John Dee was the son of Rowland Dee; he was born in London, according to the horoscope of his own drawing, on July 13, 1527.
His mother was Jane, daughter of William Wild. Various Welsh writers have assigned to Dee a genealogical descent of the highest antiquity, and the pedigree which he drew up for himself in later life traces back his family history from his grandfather, Bedo Dee, to Roderick the Great, Prince of Wales. All authorities agree that Radnor was the county from whence the Dees sprang.
Rowland Dee, the father, held an appointment at Court, as gentleman server to Henry VIII., but was very indifferently treated by the King. This may partly account for the persistence with which Dee exhibited before Queen Elizabeth his claims to preferment at her hands. To be in habitual attendance at Court in those days, however, bred in men a great desire for place, and a courtier was but a mendicant on a grand scale.
The boy, John Dee, was early bred in "grammar learning," and was inured to Latin from his tender years. Perhaps he was not more than nine or ten when he was sent to Chelmsford, to the chantry school founded there seven years before the great school at Winchester came into existence. The master who presided over Dee's school hours in Essex was Peter Wilegh, whom the chantry commissioners in 1548 reported as a man "of good conversation" who had kept the school there for sixteen years. Dee has always been claimed by the Grammar School at Chelmsford as one of their most famous alumni, whose extraordinary career with its halo of mystery and marvel they perhaps feel little qualified to explore. Dee's testimony that at Chelmsford he was "metely well furnished with understanding of the Latin tongue" is an unconscious tribute to Peter Wilegh's teaching.
In November, 1542, Dee, being then fifteen years and four months old, left Chelmsford to enter at St. John's College, Cambridge, where, as he tells us in his autobiography, he soon became a most assiduous student. "In the years 1543, 1544, 1545, I was so vehemently bent to studie, that for those years I did inviolably keep this order: only to sleep four houres every night; to allow to meate and drink (and some refreshing after) two houres every day; and of the other eighteen houres all (except the tyme of going to and being at divine service) was spent in my studies and learning." Early in 1546 he graduated B.A. from St. John's College. At the close of the same year, Trinity College was founded by Henry VIII., and Dee was selected one of the original Fellows. He was also appointed under-reader in Greek to Trinity College, the principal Greek reader being then Robert Pember. The young Fellow created the first sensation of his sensational career soon after this by arranging some of the (Eirene - Peace) of Aristophanes, in which he apparently acted as stage manager and carpenter.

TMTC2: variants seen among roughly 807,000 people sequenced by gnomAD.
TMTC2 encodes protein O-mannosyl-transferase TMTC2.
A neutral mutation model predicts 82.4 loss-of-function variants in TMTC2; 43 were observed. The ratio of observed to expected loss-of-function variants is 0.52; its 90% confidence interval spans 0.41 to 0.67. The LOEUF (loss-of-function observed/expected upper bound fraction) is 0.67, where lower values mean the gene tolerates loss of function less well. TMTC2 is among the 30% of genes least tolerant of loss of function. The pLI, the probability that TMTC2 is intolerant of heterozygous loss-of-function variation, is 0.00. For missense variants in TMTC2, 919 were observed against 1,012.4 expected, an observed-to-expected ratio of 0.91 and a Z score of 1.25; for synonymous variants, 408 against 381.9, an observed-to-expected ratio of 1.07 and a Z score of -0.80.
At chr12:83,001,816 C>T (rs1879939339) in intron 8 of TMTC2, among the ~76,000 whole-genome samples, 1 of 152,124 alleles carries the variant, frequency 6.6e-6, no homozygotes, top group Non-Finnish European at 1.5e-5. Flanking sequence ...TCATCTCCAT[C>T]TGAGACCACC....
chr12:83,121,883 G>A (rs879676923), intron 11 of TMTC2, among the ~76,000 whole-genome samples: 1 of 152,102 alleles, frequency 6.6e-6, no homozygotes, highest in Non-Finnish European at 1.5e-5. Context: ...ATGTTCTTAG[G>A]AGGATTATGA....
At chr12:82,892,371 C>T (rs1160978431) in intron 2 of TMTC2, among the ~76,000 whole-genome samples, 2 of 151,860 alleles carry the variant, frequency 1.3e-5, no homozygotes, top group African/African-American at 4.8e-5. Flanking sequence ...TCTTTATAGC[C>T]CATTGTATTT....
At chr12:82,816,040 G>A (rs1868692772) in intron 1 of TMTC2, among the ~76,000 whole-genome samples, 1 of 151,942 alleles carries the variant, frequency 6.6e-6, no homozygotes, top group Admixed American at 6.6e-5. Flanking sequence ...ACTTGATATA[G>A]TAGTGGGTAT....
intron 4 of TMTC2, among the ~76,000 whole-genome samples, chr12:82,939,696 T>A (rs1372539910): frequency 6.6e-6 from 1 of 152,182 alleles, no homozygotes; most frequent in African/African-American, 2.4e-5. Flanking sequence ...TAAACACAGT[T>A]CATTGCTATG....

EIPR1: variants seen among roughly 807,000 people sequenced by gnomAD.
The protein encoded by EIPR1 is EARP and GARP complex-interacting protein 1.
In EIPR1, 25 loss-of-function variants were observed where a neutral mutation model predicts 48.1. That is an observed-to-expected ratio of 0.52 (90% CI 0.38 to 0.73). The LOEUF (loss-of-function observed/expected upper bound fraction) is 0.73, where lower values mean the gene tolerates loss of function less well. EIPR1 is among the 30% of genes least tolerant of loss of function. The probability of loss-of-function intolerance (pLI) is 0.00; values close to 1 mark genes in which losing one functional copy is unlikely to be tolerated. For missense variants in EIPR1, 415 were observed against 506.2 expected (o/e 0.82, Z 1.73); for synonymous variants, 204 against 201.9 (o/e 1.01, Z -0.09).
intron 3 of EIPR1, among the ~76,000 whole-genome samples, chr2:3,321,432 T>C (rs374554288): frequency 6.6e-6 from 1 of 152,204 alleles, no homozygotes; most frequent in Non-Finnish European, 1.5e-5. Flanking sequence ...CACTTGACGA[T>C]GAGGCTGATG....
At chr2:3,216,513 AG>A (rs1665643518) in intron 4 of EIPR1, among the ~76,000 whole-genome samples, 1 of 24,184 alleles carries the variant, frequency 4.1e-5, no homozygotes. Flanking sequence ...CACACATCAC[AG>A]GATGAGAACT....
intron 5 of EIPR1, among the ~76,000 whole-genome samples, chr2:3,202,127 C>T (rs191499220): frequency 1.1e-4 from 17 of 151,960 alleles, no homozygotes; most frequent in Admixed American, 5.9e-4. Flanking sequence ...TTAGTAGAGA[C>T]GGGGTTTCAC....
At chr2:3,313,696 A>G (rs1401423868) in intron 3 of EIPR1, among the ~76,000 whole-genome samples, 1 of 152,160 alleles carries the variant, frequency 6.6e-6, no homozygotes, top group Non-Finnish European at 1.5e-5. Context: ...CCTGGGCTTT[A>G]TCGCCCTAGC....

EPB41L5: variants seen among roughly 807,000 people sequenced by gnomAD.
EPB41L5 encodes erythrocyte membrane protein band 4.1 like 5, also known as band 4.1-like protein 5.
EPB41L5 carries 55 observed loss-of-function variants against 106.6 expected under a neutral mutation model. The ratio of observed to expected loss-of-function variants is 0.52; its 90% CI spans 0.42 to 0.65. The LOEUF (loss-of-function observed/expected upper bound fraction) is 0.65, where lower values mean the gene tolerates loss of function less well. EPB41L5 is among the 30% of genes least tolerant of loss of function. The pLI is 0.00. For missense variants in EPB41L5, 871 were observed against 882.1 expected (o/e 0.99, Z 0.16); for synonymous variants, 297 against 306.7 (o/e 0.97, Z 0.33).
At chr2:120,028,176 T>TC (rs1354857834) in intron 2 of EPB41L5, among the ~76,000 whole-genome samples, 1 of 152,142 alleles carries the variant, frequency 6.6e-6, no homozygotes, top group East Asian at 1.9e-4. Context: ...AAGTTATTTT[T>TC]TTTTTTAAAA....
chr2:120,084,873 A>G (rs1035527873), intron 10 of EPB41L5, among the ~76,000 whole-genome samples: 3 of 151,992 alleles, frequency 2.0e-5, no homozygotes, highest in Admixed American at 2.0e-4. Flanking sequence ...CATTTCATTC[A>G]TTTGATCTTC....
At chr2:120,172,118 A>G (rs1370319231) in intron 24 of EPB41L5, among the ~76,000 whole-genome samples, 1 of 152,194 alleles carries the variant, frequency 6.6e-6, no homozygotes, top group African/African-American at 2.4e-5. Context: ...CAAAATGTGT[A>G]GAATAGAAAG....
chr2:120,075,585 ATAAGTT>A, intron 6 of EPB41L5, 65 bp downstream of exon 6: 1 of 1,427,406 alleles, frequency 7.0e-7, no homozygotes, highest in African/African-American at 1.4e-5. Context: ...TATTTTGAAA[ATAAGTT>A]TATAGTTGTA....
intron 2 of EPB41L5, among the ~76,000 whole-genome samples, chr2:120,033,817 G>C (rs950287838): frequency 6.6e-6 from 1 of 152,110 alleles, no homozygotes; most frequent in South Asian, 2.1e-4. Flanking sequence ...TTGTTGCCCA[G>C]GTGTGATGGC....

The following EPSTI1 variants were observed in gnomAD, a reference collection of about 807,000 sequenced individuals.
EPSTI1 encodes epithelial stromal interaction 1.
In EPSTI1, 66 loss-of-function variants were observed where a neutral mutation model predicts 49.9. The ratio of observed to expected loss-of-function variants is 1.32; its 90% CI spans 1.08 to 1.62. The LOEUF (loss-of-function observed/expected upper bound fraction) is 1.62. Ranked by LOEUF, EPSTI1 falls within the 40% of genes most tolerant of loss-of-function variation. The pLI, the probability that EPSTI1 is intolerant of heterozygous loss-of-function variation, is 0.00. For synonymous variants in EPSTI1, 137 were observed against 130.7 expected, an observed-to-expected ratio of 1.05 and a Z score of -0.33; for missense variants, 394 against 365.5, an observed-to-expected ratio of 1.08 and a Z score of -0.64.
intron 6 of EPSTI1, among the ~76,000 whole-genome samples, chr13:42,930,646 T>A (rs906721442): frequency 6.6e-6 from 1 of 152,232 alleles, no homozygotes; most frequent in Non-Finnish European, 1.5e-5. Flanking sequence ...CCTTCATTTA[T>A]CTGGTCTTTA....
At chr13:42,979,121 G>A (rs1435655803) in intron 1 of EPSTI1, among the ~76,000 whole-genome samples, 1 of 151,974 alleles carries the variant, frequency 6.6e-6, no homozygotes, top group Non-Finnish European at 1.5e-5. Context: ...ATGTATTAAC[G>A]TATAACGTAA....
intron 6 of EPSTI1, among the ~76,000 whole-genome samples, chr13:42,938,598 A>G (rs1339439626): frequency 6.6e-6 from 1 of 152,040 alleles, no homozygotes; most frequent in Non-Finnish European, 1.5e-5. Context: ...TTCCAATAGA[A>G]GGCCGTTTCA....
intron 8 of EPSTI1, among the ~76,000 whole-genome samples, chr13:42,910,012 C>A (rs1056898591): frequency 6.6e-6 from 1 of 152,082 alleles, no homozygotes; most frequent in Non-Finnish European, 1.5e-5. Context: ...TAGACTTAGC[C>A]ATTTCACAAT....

For this play he devised a clever mechanical and very spectacular
effect. Trygaeus, the Attic vine-dresser, carrying a large basket
of food for himself, and mounted on his gigantic beetle or scarab
(which ate only dung), was seen ascending from his dwelling on
the stage to enter the palace of Zeus in the clouds above. One
has only to think of the scenic effects presented by Faust and
Mephistopheles at Mr. Tree's theatre, for instance, to realise
how crude and ineffective these attempts must have been; but thirty
or forty years before Shakespeare's plays were written, so unusual
an exhibition was enough to excite wild rumours of supernatural
powers. We hear no more of theatrical performances, although several
references in his after-life serve to show that his interest in
the English drama, about to be born, lagged not far behind that
of his greater contemporaries. He does mention, however, a Christmas
pastime in St. John's College, which seems to have been inspired
by this same dramatic spirit. Of details we are totally ignorant;
he only relates that the custom of electing a "Christmas
Magistrate" was varied at his suggestion by crowning the
chosen victim as Emperor. The first imperial president of the
Christmas revels in St. John's College "was one Mr. Thomas
Dunne, a very goodly man of person, stature and complexion, and
well learned also," evidently a presence fit for a throne.
Dee adds: "They which yet live and were hearers and beholders,
they can testifie more than is meete here to be written of these
my boyish attempts and exploites scholasticall."
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